With the cars in those respective trims Verstappen headed the times, but he did so when the track was in a better state than when the Mercs set their best times. So the picture was still very muddied – and the two teams were monitoring each other very closely, as the choices of one would potentially impact heavily upon the other.
With the weather forecasts insisting heavy, unremitting rain for Sunday and the wing choices having to be made before qualifying, both teams ended up going for the higher downforce of their available choices. In addition, Mercedes ran a gurney flap on the trailing edge of their wing, to give an extra edge of downforce. Red Bull reverted to the wing they had used on Friday.
Conditions varied between inters and full wet in qualifying and the track was at its best in Q2. Valtteri Bottas got a great tow to set the fastest speed at the end of the straight, so his 320km/h there needs to be taken out of the equation in the comparisons. More representative was Hamilton’s 313.5km/h and Verstappen’s 310.7km/h.
These speeds are lower than in the morning session simply because the cars were entering the straight so much slower because of the wetter conditions making a much bigger lift through Eau Rouge necessary.
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In the comparison between the two cars in how much speed was gained between the beginning of the straight (at the top of the hill out of Raidillon) and the end of it, we see that the Red Bull gains 9.6km/h, Hamilton’s Mercedes only 5.9km/h. It all implies that with both teams running the bigger of their wings, the Red Bull was running with less drag than the Mercedes (even though it’s intrinsically a draggier car in concept) because of that much smaller main plane area. Verstappen was 6.5km/h slower than Hamilton out of the Eau Rouge/Raidillon complex but only 2.8km/h slower at the end of the straight.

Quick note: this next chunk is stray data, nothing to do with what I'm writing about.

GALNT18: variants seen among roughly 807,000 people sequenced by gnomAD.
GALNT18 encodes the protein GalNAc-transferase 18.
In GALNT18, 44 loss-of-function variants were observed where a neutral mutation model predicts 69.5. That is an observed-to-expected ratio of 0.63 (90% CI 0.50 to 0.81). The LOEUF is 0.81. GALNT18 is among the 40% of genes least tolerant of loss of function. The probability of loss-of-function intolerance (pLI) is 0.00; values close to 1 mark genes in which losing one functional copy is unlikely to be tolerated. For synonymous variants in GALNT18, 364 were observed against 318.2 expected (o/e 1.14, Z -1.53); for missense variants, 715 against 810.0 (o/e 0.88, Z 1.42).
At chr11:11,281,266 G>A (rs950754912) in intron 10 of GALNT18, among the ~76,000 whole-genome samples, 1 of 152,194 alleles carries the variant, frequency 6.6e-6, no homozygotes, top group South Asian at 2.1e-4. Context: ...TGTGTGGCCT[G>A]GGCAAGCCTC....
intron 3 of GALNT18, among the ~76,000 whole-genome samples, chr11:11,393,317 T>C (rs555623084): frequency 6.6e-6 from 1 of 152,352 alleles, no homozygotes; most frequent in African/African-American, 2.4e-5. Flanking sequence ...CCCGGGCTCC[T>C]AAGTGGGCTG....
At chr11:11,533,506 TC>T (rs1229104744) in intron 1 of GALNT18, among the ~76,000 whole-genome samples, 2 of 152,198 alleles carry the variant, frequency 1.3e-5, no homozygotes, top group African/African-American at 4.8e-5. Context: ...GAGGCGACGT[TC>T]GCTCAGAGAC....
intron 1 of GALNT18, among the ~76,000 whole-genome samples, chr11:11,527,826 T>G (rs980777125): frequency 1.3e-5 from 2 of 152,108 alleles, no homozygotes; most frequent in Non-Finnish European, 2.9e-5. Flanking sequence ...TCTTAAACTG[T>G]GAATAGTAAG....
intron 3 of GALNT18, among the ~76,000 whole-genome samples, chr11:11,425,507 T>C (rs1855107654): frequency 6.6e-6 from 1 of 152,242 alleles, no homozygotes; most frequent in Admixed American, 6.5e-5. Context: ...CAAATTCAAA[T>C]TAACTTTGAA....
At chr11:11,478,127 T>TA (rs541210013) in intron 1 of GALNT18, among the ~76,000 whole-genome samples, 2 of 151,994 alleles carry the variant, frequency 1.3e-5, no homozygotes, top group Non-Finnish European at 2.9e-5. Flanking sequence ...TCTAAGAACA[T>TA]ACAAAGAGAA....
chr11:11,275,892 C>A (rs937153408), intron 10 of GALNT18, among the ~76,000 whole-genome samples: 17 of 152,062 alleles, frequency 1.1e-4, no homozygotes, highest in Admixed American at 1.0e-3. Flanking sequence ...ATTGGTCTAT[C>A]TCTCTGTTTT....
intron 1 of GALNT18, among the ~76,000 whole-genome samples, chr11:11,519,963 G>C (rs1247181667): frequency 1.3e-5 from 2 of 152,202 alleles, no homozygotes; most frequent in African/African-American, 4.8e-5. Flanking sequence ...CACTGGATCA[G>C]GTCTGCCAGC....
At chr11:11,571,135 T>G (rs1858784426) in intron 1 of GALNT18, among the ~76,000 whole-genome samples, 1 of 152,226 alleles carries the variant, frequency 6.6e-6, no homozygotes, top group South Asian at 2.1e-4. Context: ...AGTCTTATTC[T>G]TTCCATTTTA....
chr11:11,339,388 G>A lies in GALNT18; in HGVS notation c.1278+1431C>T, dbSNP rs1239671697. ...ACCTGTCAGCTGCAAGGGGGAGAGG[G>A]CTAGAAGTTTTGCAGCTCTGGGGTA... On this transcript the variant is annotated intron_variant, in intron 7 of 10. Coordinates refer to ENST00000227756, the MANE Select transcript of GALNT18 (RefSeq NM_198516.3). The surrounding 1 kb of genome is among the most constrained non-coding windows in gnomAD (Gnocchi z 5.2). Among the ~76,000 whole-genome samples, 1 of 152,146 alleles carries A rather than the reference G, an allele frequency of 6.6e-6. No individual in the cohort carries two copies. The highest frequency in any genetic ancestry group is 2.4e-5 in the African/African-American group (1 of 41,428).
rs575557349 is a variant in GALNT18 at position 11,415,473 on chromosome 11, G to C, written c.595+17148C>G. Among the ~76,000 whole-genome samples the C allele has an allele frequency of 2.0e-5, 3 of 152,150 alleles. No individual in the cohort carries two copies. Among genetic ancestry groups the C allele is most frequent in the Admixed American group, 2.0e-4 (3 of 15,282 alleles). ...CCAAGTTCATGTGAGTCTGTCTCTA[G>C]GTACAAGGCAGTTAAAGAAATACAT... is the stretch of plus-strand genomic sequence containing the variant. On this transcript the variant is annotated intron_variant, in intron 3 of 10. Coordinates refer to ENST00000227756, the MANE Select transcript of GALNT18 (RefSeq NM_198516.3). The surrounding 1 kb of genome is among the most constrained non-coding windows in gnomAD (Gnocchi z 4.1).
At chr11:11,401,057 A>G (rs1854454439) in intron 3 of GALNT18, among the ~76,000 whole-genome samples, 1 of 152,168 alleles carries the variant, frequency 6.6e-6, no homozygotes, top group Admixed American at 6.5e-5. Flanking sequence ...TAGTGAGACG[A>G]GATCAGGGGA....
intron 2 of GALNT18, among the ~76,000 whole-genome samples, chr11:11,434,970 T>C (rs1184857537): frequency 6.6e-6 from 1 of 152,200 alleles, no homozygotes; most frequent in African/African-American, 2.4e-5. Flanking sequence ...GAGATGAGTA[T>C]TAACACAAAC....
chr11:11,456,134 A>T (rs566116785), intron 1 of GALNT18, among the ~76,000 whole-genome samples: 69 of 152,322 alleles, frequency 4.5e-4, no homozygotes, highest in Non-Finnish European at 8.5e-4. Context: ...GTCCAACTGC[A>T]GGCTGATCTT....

That Verstappen was still able to dominate the curves of sector two (helping him to pole, 0.3s faster than the Mercs) says everything about both his own performance and the underbody downforce of the Red Bull. George Russell’s Williams, incidentally, was running the medium of the team’s three wing choices and his speed gain between Radillon and the end of the straight of 7.2km/h implies a drag level somewhere in between that of the Mercedes and Red Bull on the day.